What happens if you put in your birthday date into Google:

This is the video that came up when I typed mine, 22011984, but there are plenty of other odd stuff like:

Am J Health Syst Pharm. 2011 Nov 1;68(21):2059-61.

Treatment of refractory trigeminal neuralgia with intravenous phenytoin.

Tate R, Rubin LM, Krajewski KC.


Coram Specialty Infusion Services, Amherst, NY, USA. rebekahtate@gmail.com



The case of a patient who was successfully treated with i.v. phenytoin for an acute exacerbation of refractory trigeminal neuralgia (TN) is reported.


A 77-year-old, 87-kg Caucasian man with a 12-year history of right-sided, classical TN was admitted for an acute exacerbation of TN refractory to pharmacologic treatment with carbamazepine, baclofen, hydrocodone-acetaminophen, tramadol, hydromorphone, and gabapentin. His medical history included atrial fibrillation, peripheral vascular disease, benign prostatic hyperplasia, and chronic ataxia secondary to antibiotic therapy in the 1970s. His outpatient medications included carbamazepine, warfarin, ergocalciferol, and saw palmetto. A 15-mg/kg dose of i.v. phenytoin sodium (1300 mg on the basis of total body weight) was recommended by neurology consultants. Because of potential adverse reactions related to high serum phenytoin concentrations and rapid infusion rates (e.g., hypotension, ataxia, nausea, vomiting, apnea, nystagmus), the patient's age, the baseline presence of atrial fibrillation and ataxia, and the fact that seizures were not being treated, the clinical pharmacist recommended dividing the 1300-mg dose into two 650-mg doses separated by four hours, with each infused at 25 mg/min; this suggestion was accepted. The patient's pain score dropped from a self-rated 12/10 to 2/10 after the first infusion and to 1/10 after completion of the second infusion. The patient's blood pressure and heart rate were monitored via telemetry every five minutes during both infusions. No adverse events were noted.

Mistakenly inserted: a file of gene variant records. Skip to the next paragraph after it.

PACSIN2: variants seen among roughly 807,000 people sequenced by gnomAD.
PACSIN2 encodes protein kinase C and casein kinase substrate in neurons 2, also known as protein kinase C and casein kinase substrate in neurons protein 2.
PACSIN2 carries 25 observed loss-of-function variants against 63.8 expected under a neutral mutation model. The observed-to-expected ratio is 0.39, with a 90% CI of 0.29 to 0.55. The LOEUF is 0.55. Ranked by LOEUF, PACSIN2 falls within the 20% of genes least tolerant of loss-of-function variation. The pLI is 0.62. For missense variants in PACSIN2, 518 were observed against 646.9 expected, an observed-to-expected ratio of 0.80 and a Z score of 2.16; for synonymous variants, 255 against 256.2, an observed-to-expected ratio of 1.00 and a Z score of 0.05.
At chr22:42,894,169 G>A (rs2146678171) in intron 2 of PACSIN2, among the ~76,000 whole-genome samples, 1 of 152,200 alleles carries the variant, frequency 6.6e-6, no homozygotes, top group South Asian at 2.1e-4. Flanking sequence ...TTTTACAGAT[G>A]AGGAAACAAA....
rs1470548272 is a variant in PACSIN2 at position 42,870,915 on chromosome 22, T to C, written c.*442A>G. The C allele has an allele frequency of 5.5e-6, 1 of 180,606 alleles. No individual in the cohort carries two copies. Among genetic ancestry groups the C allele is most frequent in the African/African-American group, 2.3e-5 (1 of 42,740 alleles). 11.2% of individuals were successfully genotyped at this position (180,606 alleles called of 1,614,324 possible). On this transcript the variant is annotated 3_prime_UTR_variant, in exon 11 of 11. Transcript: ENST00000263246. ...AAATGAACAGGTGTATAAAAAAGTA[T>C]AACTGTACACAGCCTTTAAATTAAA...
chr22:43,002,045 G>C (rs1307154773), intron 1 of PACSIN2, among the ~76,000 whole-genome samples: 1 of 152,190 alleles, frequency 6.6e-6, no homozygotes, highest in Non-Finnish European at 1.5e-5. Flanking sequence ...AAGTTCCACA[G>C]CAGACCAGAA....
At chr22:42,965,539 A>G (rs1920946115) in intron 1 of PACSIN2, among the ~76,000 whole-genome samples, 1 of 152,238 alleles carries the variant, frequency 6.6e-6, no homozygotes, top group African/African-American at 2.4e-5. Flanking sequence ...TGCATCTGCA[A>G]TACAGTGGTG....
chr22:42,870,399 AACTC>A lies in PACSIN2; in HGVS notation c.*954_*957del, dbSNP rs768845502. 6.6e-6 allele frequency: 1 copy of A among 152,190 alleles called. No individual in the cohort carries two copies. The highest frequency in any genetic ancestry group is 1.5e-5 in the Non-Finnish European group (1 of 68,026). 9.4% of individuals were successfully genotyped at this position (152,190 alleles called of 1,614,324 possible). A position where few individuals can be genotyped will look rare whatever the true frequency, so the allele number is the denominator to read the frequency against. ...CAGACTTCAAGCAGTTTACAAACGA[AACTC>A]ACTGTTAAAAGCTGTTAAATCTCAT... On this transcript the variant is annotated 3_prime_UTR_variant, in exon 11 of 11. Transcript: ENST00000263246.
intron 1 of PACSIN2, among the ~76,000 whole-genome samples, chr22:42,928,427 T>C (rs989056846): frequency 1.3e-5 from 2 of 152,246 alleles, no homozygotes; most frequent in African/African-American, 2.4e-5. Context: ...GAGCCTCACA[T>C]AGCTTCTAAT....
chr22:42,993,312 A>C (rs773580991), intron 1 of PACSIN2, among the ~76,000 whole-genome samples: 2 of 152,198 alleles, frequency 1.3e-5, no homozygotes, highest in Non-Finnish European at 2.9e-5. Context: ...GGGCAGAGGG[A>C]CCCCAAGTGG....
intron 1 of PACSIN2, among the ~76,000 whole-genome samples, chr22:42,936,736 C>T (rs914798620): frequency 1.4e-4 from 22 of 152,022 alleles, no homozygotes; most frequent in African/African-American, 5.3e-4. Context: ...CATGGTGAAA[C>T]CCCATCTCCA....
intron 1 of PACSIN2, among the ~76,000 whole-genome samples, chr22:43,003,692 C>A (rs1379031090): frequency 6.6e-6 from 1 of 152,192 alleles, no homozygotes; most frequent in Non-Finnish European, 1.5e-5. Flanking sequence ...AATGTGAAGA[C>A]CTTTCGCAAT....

Phenytoin sodium 15 mg/kg i.v. divided into two doses separated by four hours was safe and effective in treating an acute exacerbation of refractory TN.
PMID: 22011984 [PubMed - in process]

A treatment for neuralgia, which I don't have a clue what it is. But the number 22011984 is the PMID code PubMed (?!). The whole link is here.

There is also this picture from image bank of those massage therapy, or something Eastern related medicine, stones:

There is this person's Fotolog account, from Quilpue, Valparaíso, Chile who is a member since July 14, 2007. The interesting thing is that the person's Fotolog name is the number 22011984 and the first picture that comes up when you go there is:


A street map from Mace's Grove st:

1 | 2 | 3 | 4